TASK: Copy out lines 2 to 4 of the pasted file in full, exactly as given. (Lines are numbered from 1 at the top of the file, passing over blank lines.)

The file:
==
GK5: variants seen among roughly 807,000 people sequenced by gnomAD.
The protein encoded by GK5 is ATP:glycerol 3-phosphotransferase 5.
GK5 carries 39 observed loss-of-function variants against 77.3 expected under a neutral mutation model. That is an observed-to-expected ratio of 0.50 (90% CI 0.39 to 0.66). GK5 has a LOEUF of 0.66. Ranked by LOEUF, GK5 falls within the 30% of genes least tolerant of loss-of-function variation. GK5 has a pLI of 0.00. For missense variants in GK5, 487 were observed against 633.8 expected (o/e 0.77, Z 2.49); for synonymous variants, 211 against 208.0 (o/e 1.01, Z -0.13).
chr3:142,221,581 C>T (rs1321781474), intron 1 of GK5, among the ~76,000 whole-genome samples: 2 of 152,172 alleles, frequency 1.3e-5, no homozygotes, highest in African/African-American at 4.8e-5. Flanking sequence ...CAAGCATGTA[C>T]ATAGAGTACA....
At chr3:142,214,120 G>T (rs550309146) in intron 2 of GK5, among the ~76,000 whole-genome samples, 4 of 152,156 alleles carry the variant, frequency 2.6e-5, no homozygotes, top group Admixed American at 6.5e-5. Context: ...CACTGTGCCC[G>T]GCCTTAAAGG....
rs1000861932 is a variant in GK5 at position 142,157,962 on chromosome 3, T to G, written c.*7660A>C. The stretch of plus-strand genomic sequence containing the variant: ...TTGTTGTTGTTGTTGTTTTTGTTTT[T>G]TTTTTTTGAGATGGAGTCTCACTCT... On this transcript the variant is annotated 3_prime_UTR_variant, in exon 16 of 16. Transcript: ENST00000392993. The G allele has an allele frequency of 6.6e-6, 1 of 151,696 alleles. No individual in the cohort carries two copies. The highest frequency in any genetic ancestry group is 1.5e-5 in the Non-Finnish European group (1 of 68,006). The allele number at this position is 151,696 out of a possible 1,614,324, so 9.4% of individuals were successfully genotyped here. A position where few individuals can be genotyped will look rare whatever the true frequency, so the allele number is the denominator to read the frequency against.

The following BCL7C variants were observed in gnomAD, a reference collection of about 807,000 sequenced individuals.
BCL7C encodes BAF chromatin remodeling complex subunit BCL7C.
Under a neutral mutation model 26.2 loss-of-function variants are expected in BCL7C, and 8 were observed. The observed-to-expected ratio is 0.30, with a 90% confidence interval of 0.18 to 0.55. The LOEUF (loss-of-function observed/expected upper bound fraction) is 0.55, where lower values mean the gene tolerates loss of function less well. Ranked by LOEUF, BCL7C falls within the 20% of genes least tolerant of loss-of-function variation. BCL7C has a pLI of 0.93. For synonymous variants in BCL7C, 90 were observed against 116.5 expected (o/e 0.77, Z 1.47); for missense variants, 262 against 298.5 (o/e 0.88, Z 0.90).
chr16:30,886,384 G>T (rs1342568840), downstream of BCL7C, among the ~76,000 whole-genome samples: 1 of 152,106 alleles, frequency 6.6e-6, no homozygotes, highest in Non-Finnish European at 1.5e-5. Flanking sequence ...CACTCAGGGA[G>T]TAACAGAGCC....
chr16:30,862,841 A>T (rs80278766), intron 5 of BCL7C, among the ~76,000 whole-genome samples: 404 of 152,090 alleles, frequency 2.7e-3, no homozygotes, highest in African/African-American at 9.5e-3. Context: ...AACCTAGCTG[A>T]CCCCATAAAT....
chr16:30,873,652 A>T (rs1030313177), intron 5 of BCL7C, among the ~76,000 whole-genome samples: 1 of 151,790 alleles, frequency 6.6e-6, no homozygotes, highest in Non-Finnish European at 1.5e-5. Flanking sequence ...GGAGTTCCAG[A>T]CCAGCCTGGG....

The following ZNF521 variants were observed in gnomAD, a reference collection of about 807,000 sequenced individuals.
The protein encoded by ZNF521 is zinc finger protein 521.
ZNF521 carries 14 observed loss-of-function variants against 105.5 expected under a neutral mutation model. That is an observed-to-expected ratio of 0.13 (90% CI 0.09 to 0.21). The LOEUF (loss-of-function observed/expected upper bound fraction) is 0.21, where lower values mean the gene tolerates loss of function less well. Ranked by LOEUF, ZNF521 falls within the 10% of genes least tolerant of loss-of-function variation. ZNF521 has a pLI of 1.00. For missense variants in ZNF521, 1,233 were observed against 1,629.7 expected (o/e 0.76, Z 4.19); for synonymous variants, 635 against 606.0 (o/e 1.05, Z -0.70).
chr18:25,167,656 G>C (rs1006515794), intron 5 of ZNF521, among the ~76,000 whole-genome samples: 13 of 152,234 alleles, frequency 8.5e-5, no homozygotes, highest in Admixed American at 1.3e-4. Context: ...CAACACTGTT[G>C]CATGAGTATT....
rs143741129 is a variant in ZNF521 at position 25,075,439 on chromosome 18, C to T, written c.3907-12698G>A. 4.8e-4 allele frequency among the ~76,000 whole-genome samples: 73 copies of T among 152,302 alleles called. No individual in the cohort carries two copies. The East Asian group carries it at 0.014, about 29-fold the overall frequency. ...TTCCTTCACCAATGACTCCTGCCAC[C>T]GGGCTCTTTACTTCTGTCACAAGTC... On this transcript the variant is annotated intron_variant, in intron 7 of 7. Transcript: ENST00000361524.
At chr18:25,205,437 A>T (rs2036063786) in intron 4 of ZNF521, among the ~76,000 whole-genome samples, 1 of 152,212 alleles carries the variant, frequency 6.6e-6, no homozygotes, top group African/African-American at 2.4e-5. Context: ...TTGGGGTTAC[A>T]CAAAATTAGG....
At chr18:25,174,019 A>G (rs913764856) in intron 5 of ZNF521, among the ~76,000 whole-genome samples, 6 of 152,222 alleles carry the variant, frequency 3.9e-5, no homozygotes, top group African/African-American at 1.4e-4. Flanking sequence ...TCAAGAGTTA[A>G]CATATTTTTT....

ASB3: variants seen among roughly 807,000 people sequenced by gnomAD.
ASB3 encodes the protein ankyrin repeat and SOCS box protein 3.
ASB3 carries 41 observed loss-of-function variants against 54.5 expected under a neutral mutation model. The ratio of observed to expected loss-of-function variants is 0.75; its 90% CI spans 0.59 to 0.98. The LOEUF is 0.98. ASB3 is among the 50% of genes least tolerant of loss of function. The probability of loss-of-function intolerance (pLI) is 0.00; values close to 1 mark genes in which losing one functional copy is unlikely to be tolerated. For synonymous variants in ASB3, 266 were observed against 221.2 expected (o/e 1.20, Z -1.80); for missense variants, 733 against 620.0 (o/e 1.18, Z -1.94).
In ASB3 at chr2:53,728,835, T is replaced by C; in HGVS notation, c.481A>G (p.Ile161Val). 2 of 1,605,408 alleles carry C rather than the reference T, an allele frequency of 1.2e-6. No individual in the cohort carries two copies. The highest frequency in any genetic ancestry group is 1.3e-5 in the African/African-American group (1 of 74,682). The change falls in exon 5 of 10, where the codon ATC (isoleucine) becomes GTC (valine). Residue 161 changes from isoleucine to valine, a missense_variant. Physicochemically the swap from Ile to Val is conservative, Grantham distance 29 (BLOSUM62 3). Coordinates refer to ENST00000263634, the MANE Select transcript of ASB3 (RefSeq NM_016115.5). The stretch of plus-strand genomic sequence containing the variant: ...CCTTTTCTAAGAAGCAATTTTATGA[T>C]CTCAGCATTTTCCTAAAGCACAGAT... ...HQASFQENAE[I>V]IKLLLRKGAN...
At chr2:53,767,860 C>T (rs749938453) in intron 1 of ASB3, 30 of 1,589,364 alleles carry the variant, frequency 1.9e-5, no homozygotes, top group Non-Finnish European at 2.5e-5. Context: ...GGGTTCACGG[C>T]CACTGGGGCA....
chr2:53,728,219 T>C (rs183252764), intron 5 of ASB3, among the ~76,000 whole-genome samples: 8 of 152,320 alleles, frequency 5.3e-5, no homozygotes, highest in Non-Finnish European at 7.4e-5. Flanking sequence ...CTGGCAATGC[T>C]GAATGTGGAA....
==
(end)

The protein encoded by GK5 is ATP:glycerol 3-phosphotransferase 5.
GK5 carries 39 observed loss-of-function variants against 77.3 expected under a neutral mutation model. That is an observed-to-expected ratio of 0.50 (90% CI 0.39 to 0.66). GK5 has a LOEUF of 0.66. Ranked by LOEUF, GK5 falls within the 30% of genes least tolerant of loss-of-function variation. GK5 has a pLI of 0.00. For missense variants in GK5, 487 were observed against 633.8 expected (o/e 0.77, Z 2.49); for synonymous variants, 211 against 208.0 (o/e 1.01, Z -0.13).
chr3:142,221,581 C>T (rs1321781474), intron 1 of GK5, among the ~76,000 whole-genome samples: 2 of 152,172 alleles, frequency 1.3e-5, no homozygotes, highest in African/African-American at 4.8e-5. Flanking sequence ...CAAGCATGTA[C>T]ATAGAGTACA....